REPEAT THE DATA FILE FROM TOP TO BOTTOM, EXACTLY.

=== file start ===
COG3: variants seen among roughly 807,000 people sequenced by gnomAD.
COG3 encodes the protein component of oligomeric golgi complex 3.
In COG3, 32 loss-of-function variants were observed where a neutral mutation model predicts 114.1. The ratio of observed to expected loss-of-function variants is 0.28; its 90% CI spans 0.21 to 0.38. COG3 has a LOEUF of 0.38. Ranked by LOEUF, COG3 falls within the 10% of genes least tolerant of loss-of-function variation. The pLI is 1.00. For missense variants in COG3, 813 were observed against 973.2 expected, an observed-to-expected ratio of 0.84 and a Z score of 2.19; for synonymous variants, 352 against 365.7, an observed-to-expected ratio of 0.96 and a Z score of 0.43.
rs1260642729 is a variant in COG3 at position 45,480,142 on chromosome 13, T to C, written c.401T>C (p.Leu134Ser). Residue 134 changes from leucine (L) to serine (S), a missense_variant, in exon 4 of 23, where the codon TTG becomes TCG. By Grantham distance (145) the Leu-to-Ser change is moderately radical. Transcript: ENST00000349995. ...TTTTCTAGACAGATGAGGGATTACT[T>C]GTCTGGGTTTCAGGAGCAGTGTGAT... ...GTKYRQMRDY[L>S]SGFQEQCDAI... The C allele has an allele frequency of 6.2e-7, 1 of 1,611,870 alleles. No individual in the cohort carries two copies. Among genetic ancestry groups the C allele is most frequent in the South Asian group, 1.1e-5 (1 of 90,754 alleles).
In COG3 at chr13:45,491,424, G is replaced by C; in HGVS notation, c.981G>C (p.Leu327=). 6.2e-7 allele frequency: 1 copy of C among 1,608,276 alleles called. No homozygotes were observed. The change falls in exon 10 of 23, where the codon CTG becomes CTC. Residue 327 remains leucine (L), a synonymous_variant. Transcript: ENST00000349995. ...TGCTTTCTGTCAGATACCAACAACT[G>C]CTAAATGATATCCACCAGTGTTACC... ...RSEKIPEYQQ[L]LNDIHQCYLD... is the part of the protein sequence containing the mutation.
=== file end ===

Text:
COG3: variants seen among roughly 807,000 people sequenced by gnomAD.
COG3 encodes the protein component of oligomeric golgi complex 3.
In COG3, 32 loss-of-function variants were observed where a neutral mutation model predicts 114.1. The ratio of observed to expected loss-of-function variants is 0.28; its 90% CI spans 0.21 to 0.38. COG3 has a LOEUF of 0.38. Ranked by LOEUF, COG3 falls within the 10% of genes least tolerant of loss-of-function variation. The pLI is 1.00. For missense variants in COG3, 813 were observed against 973.2 expected, an observed-to-expected ratio of 0.84 and a Z score of 2.19; for synonymous variants, 352 against 365.7, an observed-to-expected ratio of 0.96 and a Z score of 0.43.
rs1260642729 is a variant in COG3 at position 45,480,142 on chromosome 13, T to C, written c.401T>C (p.Leu134Ser). Residue 134 changes from leucine (L) to serine (S), a missense_variant, in exon 4 of 23, where the codon TTG becomes TCG. By Grantham distance (145) the Leu-to-Ser change is moderately radical. Transcript: ENST00000349995. ...TTTTCTAGACAGATGAGGGATTACT[T>C]GTCTGGGTTTCAGGAGCAGTGTGAT... ...GTKYRQMRDY[L>S]SGFQEQCDAI... The C allele has an allele frequency of 6.2e-7, 1 of 1,611,870 alleles. No individual in the cohort carries two copies. Among genetic ancestry groups the C allele is most frequent in the South Asian group, 1.1e-5 (1 of 90,754 alleles).
In COG3 at chr13:45,491,424, G is replaced by C; in HGVS notation, c.981G>C (p.Leu327=). 6.2e-7 allele frequency: 1 copy of C among 1,608,276 alleles called. No homozygotes were observed. The change falls in exon 10 of 23, where the codon CTG becomes CTC. Residue 327 remains leucine (L), a synonymous_variant. Transcript: ENST00000349995. ...TGCTTTCTGTCAGATACCAACAACT[G>C]CTAAATGATATCCACCAGTGTTACC... ...RSEKIPEYQQ[L]LNDIHQCYLD... is the part of the protein sequence containing the mutation.